LIMA (Reuters) - Peru’s imprisoned ex-president Alberto Fujimori backed his son on Wednesday for “building bridges” with the government of centrist President Pedro Pablo Kuczynski, and issued a rare rebuke to the opposition party led by his daughter that now controls Congress.
In a series of tweets that exposed a deep divide in the rightwing populist movement he started nearly three decades ago, Alberto Fujimori openly sided for the first time with his youngest son Kenji over his eldest daughter Keiko, the head of the party Popular Force.
On Tuesday Popular Force suspended Kenji from its activities for 60 days after he openly criticized the party and voiced support for Kuczynski’s 1-year-old government.
“I‘m still asking myself why Kenji was punished. Is it because he’s been building bridges with the government with Peru in mind?” Fujimori said, calling Kenji’s detractors in the party “disloyal.”
Popular Force defended its decision, alleging that Kenji had hurt its image in violation of internal rules.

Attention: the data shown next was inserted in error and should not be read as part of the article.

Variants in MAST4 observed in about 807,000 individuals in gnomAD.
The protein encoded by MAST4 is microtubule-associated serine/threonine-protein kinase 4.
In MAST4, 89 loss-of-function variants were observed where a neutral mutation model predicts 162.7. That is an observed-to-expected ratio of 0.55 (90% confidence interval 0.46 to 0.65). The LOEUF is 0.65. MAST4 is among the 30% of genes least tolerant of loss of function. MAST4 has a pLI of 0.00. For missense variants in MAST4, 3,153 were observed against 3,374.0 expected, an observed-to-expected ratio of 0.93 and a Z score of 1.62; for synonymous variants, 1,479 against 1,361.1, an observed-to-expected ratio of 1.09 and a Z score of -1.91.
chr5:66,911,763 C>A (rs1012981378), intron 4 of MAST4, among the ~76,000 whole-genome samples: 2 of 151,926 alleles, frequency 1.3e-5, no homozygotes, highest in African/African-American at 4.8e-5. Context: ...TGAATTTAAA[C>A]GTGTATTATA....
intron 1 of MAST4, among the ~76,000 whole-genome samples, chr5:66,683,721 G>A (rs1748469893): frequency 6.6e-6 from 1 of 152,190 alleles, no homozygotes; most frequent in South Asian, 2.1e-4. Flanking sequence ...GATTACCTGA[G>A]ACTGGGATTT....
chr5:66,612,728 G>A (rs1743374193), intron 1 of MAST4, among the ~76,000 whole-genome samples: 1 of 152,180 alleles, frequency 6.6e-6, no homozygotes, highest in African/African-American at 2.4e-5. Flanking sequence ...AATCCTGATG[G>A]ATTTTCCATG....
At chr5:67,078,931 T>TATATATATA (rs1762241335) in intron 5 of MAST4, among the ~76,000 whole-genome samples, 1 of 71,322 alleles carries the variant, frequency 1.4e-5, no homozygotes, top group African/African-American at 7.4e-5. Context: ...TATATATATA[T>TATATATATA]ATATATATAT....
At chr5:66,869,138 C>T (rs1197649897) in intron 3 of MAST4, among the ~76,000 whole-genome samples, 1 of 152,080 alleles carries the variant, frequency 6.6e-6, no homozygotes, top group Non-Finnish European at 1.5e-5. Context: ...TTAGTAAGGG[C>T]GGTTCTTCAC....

Kenji, 37, is widely seen as being interested in running for president in 2021 following Keiko’s narrow defeats in the past two elections. His popularity has risen in recent months as he has posed for pictures with Kuczynski’s ministers, spoken out for the victims of bullying and likened Congress’ recent ousting of Kuczynski’s finance minister to lions feeding.
Keiko, 42, told her father on Twitter that she loved him and called on Popular Force lawmakers to show unity and discipline in order to establish a party that can outlast the Fujimori name.
But a letter made public this week showed that 23 Popular Force lawmakers had pressed Keiko to refrain from meting out “justice between siblings” by punishing Kenji.
Kuczynski might be able to use the division in Popular Force, which controls 72 out of 130 seats in the single-chamber Congress, to govern more effectively in the remaining four years of his term.
Fujimori’s support for Kenji comes as Kuczynski is weighing whether to pardon and grant him early release from prison, where he has been serving a 25-year sentence for human rights violations and graft committed in his 1990-2000 government.
Fujimori is a divisive figure in Peru. Considered a corrupt dictator by some, he is admired by others who credit him with ending an economic crisis and leftist rebellion in the 1990s.
Reporting By Mitra Taj